On a September afternoon, a young man walked out of a toy store with a bag in his hand, heading quickly toward the post office in Zhuanghe, a small port city in Northeast China's Liaoning province.
When he stepped out of the office, he seemed happy and a little relieved.
He hurried to the last passenger ship of the day, which was just about to leave the harbor.
The weather was fair and the ship set sail just in time, smooth and steady, and the man imagined his 10-month-old boy playing with the first gift he received from his father, whom he had never met yet.
Xu Long, 29, from a small town in Nanchong of Southwest China's Sichuan province, has served as a soldier at a radar observation post on an isolated island in the Yellow Sea for nine years.
The island covers more than 20 square kilometers. It has long been the home of Xu and his 16 buddies. Through advanced radar technology, they monitor the surrounding ocean and air, and report any irregular circumstances.
Liu Yuanjie, the chief of the observation post, has already served here for 23 years. Every Spring Festival he stayed on the island with his crew, far from his family in Dalian, a major city more than 200 kilometers away in Liaoning province.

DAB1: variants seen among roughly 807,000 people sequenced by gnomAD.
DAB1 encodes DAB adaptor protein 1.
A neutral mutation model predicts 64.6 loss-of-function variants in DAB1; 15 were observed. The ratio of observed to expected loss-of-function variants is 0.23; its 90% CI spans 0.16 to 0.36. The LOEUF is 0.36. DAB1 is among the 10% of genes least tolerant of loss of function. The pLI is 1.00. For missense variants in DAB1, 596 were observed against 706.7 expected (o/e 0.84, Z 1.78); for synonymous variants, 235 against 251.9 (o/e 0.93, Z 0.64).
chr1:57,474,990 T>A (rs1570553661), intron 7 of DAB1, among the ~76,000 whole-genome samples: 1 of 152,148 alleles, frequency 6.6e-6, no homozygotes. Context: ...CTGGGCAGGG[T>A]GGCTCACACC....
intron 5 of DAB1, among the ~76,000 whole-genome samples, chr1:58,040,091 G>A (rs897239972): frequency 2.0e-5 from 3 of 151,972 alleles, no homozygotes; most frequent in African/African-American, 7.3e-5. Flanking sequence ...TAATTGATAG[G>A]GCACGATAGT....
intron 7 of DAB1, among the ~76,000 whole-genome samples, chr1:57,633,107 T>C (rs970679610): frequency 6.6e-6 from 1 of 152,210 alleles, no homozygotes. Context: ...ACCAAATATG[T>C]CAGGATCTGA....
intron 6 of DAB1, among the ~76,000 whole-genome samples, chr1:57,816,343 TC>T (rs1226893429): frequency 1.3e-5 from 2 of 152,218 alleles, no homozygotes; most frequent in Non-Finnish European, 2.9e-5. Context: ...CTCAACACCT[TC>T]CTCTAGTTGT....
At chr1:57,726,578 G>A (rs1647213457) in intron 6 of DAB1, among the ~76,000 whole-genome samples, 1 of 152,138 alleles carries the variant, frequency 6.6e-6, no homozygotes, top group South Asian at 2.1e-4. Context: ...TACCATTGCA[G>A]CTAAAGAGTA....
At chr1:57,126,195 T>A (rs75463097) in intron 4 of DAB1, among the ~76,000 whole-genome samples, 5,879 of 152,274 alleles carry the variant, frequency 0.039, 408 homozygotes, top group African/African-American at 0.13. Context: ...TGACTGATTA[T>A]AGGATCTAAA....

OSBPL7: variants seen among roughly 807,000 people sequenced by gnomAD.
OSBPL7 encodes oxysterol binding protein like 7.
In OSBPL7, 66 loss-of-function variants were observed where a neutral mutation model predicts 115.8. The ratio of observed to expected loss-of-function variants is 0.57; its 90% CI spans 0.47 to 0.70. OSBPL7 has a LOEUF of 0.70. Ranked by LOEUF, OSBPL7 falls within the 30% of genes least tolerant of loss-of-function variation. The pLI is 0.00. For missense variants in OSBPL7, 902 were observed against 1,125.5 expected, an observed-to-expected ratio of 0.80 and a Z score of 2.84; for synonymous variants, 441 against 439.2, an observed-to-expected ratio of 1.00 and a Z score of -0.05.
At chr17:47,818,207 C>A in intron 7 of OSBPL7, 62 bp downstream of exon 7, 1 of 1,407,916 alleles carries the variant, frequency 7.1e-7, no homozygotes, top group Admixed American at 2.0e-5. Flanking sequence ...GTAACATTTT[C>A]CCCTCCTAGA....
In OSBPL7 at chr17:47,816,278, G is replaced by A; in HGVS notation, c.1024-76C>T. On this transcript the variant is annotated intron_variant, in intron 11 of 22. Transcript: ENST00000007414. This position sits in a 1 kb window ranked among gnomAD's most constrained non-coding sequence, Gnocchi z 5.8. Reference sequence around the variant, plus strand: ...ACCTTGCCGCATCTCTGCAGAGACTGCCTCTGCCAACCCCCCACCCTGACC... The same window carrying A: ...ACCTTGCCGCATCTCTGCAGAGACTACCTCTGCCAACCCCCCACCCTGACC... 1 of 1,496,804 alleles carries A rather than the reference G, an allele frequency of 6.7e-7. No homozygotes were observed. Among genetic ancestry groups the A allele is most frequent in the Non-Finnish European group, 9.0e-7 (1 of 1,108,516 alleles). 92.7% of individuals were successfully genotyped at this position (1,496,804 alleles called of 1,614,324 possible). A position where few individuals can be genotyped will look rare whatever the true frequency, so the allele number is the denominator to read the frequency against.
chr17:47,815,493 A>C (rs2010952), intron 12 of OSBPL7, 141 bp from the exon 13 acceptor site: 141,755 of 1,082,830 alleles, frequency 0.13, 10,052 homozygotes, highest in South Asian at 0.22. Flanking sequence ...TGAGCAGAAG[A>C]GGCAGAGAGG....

Most of the other soldiers have served at least five years on the island. They've seen each other grow from new recruits to veterans, and turn from carefree youngsters to homesick husbands and dads.
Life has never been easy in an island surrounded by ocean and blocked by mountains. Fog and mist descend most days of the year. Soldiers suffer rheumatic diseases living in such a wet environment, and long exposure to a radioactive workplace can also be harmful.
While physical pains can be endured, as sons, husbands and fathers, they get very lonesome for their loved ones. When they miss someone they sail to the nearest port city of Zhuanghe to buy them little gifts.
Postmen sail to the island to deliver mail only once a week, and only if the weather is good and sea calm.
Then they set sail again, carrying gifts and remembrances to loved ones back home.
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